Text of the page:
The second room of the exhibition features the installation ‘I Beams’, made especially for this show. Five columns, nearly touching the ceiling, are playfully positioned throughout the space. If you would look at the space through a black and white filter, you could recognise the shapes as structural beams representative of the mechanics of an early 20th-century, literally rising modernity. New York’s railway and metro stations are typically built using these structures. It is here that Raat found inspiration for this work, that is iconic to the industrial manufacturing of the modern city and - as such - so relevant to our current existence.
The shape has been taken out of its original context and is now introduced into the gallery space, an environment where monolithic works of abstract art such as those of formal minimalist like Donald Judd are typical. Combining the shapes of both modernist art history and modernist industrial history, a contrast of historical modernist prophesies arises: one of a post-war, modern avant-garde in art promoting a sculpturally autonomous, immaterial effect of elevation, and that of the actual industrialisation promoting physical elevation. Produced as a column flirting with a readymade, Vertical Beams also proposes a sculptural autonomy of the object within an art context, while at the same time placing the accomplishment of physical modernity over the immaterial accomplishments of modernity. Doing so in the current post-Fordist immaterial age we live in – reflected in the city of Eindhoven, which developed from a technical industry into a technological based, knowledge-economy; we can actually spot these columns on Strijp S as well – suggests a cynical stance toward the autonomous elevation that the post-war modern avant-garde had in mind. And what is more: for the painterly appropriation of the beams, the various ways the sides of the columns have been assembled, Raat deliberately chooses the off-colours of industrialisation. The deliberate choice for Polish redwood, with its strong grain surfacing through the paint, aims to release, in the immanence of its experience, a contemplating echo of modern avant-garde.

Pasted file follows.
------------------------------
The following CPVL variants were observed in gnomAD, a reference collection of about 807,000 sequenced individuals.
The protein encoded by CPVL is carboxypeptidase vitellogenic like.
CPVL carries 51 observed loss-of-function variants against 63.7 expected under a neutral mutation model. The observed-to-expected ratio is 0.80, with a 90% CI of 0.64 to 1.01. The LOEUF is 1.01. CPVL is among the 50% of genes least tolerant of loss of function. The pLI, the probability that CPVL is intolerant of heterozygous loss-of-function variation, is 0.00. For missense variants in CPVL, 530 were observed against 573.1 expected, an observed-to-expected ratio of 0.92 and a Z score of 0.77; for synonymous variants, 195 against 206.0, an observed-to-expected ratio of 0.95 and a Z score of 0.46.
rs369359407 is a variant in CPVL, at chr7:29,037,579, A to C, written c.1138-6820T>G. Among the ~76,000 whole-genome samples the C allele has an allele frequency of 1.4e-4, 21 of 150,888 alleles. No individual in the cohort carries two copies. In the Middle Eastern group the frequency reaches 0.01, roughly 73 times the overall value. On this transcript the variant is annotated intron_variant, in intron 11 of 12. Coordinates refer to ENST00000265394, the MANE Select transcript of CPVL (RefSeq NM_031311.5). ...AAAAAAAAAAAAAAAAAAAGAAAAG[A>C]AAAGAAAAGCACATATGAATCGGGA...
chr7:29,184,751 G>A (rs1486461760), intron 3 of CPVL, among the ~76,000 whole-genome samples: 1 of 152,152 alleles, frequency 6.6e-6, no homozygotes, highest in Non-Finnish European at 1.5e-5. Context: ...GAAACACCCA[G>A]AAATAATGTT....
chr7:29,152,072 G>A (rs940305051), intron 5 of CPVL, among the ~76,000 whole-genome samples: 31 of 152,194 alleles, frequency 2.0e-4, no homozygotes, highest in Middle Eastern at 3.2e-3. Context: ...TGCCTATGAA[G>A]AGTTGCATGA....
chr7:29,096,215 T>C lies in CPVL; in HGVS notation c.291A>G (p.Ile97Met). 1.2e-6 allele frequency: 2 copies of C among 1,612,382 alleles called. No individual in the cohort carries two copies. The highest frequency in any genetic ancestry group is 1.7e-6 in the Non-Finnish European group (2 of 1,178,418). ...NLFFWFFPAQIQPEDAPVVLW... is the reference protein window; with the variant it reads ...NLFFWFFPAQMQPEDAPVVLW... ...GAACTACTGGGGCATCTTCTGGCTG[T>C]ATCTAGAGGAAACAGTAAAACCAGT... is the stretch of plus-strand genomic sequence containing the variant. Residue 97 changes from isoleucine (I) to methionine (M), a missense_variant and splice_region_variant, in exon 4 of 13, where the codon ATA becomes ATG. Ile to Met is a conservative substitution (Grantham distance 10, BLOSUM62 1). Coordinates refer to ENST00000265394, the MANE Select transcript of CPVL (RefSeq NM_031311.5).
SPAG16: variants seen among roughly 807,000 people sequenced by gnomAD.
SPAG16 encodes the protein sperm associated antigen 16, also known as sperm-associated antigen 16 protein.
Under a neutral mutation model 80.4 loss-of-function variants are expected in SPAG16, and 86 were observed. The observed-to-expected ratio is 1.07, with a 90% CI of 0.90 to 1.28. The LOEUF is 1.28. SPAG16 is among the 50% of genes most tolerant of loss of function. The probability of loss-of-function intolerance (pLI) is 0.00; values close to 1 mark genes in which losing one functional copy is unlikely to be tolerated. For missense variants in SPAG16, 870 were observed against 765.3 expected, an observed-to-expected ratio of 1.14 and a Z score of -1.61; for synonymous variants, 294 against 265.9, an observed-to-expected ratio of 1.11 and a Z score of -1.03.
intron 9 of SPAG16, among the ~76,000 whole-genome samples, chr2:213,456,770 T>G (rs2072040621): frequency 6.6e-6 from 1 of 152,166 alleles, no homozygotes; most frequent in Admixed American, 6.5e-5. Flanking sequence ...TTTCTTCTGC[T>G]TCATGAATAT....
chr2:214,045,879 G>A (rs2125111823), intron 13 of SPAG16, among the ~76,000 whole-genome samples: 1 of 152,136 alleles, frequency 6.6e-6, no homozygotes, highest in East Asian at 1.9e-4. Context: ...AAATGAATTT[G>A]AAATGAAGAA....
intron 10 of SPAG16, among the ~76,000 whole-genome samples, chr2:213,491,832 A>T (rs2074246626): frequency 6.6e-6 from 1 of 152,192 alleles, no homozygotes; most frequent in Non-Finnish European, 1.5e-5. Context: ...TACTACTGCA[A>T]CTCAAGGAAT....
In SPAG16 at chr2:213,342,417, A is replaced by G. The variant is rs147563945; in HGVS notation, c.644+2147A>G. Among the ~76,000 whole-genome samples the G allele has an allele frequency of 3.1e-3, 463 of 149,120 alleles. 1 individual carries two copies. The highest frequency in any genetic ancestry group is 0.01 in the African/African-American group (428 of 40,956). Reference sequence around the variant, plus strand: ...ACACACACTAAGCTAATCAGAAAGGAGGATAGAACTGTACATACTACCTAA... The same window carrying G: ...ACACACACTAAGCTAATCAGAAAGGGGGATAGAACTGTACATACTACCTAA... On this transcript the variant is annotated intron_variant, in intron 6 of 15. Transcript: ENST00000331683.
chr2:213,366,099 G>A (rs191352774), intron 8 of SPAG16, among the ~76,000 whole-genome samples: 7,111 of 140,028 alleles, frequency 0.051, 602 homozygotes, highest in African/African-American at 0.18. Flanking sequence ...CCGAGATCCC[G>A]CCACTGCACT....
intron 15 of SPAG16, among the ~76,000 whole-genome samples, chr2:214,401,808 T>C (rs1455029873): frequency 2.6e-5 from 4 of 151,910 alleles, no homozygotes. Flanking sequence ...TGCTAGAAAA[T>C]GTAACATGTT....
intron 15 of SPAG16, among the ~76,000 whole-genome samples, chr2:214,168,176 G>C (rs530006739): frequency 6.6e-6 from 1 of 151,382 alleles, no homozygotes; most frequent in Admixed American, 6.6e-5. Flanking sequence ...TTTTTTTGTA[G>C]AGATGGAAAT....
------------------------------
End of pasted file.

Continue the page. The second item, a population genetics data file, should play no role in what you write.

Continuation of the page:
Amidst these two installation pieces, a painterly liveliness is thriving that grants us an abstract view into a landscape, at the point where the slumbering archetype produces the group as a horizon. In variation within uniformity we find uniqueness, the same way we find diversity within social groups. These series, as a total of objects within the installation, lends shape to Raat’s game of identification and identity following a dynamic, proper logic in part hermetic and in part undefined. Positions are being challenged but no one is in danger of losing their seat.